Harvard Gazette: Seeing beauty in the mundane

Contemporary sculptor, printer, and visual artist Willie Cole’s haunting works blend the familiar with the unexpected. Now that striking creative tension is on view at the Radcliffe Institute for Advanced Study in “Willie Cole: Beauties.”

The exhibit, on display in Byerly Hall’s Johnson-Kulukundis Family Gallery, features a series of prints made from ironing boards that have been crushed, hammered, flattened until they’re a few millimeters thick, covered with ink, and used as plates on a printing press. The ghostly silhouettes shift perceptions and challenge assumptions with their suggestion of the ethereal and the everyday.

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How Clarissa Tossin uses Amazonian tribal lore and retro sci-fi to address looming ecological disasters

To create a portrait of the earth in its present state, the Los Angeles artist Clarissa Tossin delved into the depths below its surface. Her Future Fossil (2018), the central sculptural piece that lent its name to her current solo show at Harvard’s Radcliffe Institute for Advanced Study (through March 16), is a six-meter-long, cylindrical cross section of the Earth, as if an enormous pipe had extracted thousands of years’ worth of compacted sediment from its crust. In the gallery, Future Fossil lies on its side like a fallen tree trunk, striped with colors and materials symbolizing different eras: The base is the terracotta color of iron-rich Amazonian soil, followed by a black stripe of the more fertile soil that indigenous peoples cultivated for growing their crops. The opposite tip ends in futuristic materials imprinted with alien patterns with a skin-like, silicon feel. And in between, the bulk of this core sample comprises the bright, synthetic colors of layers and layers of compacted trash.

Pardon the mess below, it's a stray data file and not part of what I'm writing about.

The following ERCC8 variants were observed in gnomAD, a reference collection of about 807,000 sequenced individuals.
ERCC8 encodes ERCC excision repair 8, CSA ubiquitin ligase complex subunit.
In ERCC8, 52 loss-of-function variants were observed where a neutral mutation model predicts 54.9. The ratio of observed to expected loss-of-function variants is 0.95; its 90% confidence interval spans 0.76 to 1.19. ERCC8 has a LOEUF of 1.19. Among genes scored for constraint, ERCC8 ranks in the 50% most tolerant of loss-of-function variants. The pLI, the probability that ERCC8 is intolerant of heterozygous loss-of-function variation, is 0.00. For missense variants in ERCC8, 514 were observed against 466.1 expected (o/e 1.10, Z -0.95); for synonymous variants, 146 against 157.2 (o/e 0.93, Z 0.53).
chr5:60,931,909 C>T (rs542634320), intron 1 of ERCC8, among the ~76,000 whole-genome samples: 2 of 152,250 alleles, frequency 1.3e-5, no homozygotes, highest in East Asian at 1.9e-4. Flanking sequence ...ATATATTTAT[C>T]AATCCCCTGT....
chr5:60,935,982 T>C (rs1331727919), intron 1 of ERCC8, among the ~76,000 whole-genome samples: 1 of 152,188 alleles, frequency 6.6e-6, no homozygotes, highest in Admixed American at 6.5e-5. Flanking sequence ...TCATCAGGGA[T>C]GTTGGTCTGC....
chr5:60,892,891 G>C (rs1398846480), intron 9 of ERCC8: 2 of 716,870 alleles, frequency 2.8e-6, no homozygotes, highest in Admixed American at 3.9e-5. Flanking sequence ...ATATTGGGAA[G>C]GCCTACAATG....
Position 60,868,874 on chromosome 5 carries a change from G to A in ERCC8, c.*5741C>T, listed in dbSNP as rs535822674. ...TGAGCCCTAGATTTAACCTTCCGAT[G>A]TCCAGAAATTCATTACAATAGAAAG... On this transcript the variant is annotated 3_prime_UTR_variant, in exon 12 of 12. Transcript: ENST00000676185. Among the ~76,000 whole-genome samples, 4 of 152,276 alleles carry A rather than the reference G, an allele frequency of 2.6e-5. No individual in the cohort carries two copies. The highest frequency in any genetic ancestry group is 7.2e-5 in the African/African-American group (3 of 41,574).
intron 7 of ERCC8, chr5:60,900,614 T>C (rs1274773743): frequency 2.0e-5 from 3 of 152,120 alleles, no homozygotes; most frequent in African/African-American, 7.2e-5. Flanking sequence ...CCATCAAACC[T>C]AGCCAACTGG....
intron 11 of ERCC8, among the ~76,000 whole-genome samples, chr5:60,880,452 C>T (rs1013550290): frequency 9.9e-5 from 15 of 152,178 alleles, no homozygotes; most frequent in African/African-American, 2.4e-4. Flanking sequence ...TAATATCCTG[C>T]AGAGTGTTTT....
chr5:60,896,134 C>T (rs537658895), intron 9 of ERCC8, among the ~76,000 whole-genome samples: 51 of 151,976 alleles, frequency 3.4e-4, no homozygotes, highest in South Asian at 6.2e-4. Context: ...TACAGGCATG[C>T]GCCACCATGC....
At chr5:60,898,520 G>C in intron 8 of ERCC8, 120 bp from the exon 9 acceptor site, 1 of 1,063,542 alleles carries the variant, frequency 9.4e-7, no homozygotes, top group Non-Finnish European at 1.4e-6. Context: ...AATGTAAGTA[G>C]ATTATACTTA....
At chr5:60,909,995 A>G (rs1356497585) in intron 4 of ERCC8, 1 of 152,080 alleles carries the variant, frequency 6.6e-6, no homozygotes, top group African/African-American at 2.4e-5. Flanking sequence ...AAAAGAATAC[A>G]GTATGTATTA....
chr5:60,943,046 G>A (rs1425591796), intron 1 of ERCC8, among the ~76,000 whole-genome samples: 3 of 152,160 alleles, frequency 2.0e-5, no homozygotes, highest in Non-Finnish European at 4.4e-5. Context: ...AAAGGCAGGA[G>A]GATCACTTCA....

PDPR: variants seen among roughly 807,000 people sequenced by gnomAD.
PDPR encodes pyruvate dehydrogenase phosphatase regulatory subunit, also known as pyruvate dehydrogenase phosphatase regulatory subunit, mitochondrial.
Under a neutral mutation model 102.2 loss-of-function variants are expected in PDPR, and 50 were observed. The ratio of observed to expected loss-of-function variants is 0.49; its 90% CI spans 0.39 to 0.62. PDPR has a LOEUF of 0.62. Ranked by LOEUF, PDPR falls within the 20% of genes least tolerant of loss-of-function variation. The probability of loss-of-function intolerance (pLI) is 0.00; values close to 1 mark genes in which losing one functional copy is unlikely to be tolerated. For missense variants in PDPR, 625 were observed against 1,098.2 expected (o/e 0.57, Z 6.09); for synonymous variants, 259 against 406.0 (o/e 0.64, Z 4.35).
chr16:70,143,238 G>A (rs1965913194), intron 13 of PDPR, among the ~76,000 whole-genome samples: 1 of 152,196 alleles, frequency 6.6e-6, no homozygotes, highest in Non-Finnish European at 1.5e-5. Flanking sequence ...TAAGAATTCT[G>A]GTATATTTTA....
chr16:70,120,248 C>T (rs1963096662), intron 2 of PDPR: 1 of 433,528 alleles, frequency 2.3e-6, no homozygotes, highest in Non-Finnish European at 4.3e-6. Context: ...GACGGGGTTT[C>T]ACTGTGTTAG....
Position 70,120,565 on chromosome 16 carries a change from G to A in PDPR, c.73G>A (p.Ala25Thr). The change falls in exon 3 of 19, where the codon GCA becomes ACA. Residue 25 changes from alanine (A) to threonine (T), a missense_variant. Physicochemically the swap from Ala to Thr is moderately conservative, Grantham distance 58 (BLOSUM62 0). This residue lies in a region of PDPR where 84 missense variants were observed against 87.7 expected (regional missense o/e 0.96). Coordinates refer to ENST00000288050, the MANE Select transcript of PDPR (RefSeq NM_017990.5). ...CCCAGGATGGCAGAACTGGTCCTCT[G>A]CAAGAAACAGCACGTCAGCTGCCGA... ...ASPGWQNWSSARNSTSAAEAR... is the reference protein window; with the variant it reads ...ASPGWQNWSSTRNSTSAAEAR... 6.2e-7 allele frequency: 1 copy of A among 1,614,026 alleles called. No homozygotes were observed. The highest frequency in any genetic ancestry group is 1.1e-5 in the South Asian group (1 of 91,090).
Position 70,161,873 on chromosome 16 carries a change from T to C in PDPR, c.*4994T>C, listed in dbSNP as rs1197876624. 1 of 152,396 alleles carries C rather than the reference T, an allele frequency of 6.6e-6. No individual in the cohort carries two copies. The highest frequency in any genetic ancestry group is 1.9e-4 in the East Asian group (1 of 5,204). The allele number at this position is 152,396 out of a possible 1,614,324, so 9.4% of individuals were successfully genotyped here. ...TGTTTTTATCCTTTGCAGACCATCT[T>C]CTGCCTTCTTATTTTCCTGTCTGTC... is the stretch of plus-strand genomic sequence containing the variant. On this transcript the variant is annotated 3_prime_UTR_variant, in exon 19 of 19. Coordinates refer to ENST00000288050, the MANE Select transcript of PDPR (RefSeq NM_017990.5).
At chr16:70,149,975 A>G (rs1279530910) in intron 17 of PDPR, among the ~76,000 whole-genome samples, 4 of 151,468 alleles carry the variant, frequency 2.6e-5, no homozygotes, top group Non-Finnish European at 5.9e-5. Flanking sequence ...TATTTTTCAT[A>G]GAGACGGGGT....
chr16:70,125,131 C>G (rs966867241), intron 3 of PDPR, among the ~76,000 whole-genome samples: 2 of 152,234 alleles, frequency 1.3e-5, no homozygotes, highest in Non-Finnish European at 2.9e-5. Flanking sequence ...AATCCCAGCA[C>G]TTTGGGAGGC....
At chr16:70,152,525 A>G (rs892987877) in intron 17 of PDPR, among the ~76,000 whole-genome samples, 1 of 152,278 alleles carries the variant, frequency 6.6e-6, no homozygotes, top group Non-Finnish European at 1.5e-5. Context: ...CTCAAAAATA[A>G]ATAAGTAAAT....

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Radcliffe Institute at Harvard Presents a Special Installation of Willie Cole's Haunting Beauties

Willie Cole’s Beauties are full-scale prints made by stripping and flattening ironing boards, then inking them and running them directly through a printing press. Working with Highpoint Editions in Minneapolis, Cole transformed these humble tools of domestic labor into haunting images that bear multiple conflicting associations: oppression and resistance, precarity and permanence, violence and beauty.

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Radcliffe Institute at Harvard presents Future Fossil, a newly commissioned exhibition by Clarissa Tossin, inspired by Octavia Butler’s Xenogenesis trilogy

The new artworks inFuture Fossilimagine a moment of collision of the past, present, and future. As Tossin explains, “In the course of making this work, I’ve wondered what a core sample of Earth taken 1,000 years from now will look like. How much plastic and other nonrecyclable materials will remain in Earth’s geological sedimentation, and for how long?”

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Boston Globe: Cosmic images, captured in quilts at Harvard exhibit ‘Measure’

Anna Von Mertens stitches patterns of stars and galaxies into quilts, charting their movement with astronomical software. Invited to exhibit at the Radcliffe Institute for Advanced Study at Harvard University, she went to the Harvard College Observatory to study the “computers” — women who, in the late 19th and early 20th centuries, scrutinized more than 500,000 glass-plate astronomical photographs.

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Harvard Gazette: Before Circuit Boards, Female "Computers" Set the Standard

At the turn of the 19th century, the idea of women working was a foreign one, but at the Harvard College Observatory (HCO), it was the norm. From 1877 to 1919, Edward Charles Pickering, director of the HCO, led a team of more than 80 women to study glass plate photographs of the night sky. Pickering deliberately hired women, as he believed they were more detail oriented — a crucial trait for this work — and more affordable than men. The team is credited with numerous astronomical achievements and became known as the “Harvard Computers.”

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